Why We Live Like This

Somebody pointed out something that at first seemed very obvious to me today, and it’s something that most environmentalists miss -- something very important to the whole “green†movement.

She pointed out that people aren’t going to change if they don’t have good jobs, access to health care, and enough to eat.

But then I thought of all the wealthy people in the world who aren’t about to change either and her point -- though a great one -- started to lose its ability to hold water.

I wonder: what is the difference between people willing to sacrifice a little to do their part in terms of climate change and those who refuse to believe there is even a problem, much less one worth doing anything about?

That leads me to wonder about the people I know who claim to be environmentalists and still drive a car to work...two miles away...by themselves.

The disconnect is utterly breathtaking: where does it come from?

And then I end up right back where I always do:  people don’t care about the environment because they don’t care about themselves.

I know, it sounds all new-age therapy.

But the way we treat the people around us, the way we treat our homes, the way we treat our own bodies -- for a long time now, it’s been a basic psychological truism that these things all reflect how we feel about ourselves.

So, now, we are just taking that idea one step further.  How we treat the planet, as individuals and as part of the larger group, is also a mirror for how we feel about ourselves.

For example, that environmentalist who drives his car two miles to work is headed to a job that deadens his spirit.  He hates his job.  He doesn’t want to go.  But he needs the money.  And he needs the money because he lives beyond his means because he is unhappy; he is living a lie; he is barely living at all.  All he really wants to do is live somewhere quiet and build things with his hands.

So he drives to work because he can barely get up in the morning much less get on a bike and power himself to his job.

The other environmentalist drives all over the county in pursuit of business opportunities.  His father has always taught him that he’s stupid and his main pursuit in life now is to prove otherwise.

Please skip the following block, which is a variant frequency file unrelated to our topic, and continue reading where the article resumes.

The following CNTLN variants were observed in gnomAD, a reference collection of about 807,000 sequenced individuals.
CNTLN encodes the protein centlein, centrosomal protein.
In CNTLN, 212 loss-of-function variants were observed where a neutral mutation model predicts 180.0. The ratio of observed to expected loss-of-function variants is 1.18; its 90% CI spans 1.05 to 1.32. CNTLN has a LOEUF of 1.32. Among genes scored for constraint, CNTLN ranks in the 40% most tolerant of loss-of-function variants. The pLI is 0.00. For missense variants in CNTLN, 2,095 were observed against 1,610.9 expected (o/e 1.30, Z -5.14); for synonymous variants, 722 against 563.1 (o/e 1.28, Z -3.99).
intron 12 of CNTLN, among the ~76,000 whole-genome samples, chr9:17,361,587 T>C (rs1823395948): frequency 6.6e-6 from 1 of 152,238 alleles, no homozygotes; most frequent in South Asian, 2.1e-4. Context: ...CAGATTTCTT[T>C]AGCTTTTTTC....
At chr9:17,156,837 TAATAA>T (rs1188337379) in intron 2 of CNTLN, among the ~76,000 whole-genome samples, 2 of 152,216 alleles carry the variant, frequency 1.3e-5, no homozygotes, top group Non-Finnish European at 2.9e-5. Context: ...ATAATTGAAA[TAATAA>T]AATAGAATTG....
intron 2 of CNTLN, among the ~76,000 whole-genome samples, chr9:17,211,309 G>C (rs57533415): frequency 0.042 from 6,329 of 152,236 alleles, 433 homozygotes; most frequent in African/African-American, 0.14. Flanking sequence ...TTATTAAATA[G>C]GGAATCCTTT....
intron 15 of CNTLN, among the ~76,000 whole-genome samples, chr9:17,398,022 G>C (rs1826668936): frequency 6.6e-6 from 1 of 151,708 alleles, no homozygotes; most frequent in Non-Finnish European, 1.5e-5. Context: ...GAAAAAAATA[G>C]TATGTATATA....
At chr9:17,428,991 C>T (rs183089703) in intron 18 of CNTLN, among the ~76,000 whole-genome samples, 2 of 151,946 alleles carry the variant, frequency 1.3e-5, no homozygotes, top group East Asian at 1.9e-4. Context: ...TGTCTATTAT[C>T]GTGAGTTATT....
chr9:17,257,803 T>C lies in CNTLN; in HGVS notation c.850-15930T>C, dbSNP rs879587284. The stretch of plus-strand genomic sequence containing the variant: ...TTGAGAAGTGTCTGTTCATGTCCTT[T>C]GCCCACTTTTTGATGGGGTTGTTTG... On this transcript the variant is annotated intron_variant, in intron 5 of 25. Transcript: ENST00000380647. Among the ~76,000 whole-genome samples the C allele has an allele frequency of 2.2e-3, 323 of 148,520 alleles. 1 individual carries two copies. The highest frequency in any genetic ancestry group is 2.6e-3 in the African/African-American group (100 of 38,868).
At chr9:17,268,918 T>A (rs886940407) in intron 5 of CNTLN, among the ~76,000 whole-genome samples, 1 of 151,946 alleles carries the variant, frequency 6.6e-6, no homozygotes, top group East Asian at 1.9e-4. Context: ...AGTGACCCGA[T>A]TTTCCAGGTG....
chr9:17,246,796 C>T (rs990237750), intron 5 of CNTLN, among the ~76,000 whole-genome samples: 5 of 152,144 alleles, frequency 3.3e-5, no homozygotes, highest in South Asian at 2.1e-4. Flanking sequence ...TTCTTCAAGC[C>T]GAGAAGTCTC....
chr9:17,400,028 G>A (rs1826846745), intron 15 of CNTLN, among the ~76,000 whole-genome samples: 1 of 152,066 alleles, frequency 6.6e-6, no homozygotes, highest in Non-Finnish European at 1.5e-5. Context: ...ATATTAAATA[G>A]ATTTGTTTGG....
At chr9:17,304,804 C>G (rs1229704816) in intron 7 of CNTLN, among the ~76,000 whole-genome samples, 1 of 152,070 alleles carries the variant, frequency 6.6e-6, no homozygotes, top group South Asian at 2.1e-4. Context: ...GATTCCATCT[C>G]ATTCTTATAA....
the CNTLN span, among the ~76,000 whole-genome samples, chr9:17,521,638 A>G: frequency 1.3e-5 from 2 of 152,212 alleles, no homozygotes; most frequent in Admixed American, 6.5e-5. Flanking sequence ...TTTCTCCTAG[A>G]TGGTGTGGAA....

He really just wants to sit and write.  But he can’t do that and make a lot of money.

Oh, the things we do for money, thinking it will make up for all we lack.

When if we would just face our dreams and move toward them, we would be free.

In so many ways.

The over-consumption would stop.  The anger would stop.  We could slow down and get rid of stuff and get rid of cars and walk places and know our neighborhoods and our unique geography and care for them because we know them.

Imagine, please, for a moment, imagine if everyone were living this kind of life.  It wouldn’t matter if we thought corporations were evil, because they would no longer have customers to buy their environmentally degrading crap.

We would be healthier mentally and physically.  We wouldn’t need the number of anti-depressants that we consume (which end up in our drinking water).  We wouldn’t need so much healthcare in general.

This is the stuff of a real revolution -- as opposed to the fake kind that is all dramatic and makes its participants feel as if they are doing something when they are not.

Stop driving cars to hold placards and march and yell.  Go home and do what you love.

Stop flying to a conference halfway around the world to sit around and feel self-righteous with other people “in the know.â€Â  Go home and get to know your neighbor.

Stop working at jobs that contribute to the ill health of this planet and stop hiding behind the excuse of needing the health insurance.  Go home and take a long walk every day and see how you stop needing doctors.

Stop eating dirty food because it’s cheap.  Go home and plant a pack of seeds that cost a dollar.

Stop yelling and acting angry and start living the things that come out of your mouth.

Stop expecting other people to take care of it, to find a solution, to create a new and better “alternative,†take responsibility for your own culpability and change yourself.

That’s all you can do.

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Christine Reed
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Guest Ryan Cianfarani

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Thank you for your wonderful post! I am in total agreement with you. It is something I have been saying for a while now, though, I too fail to live it all the time.

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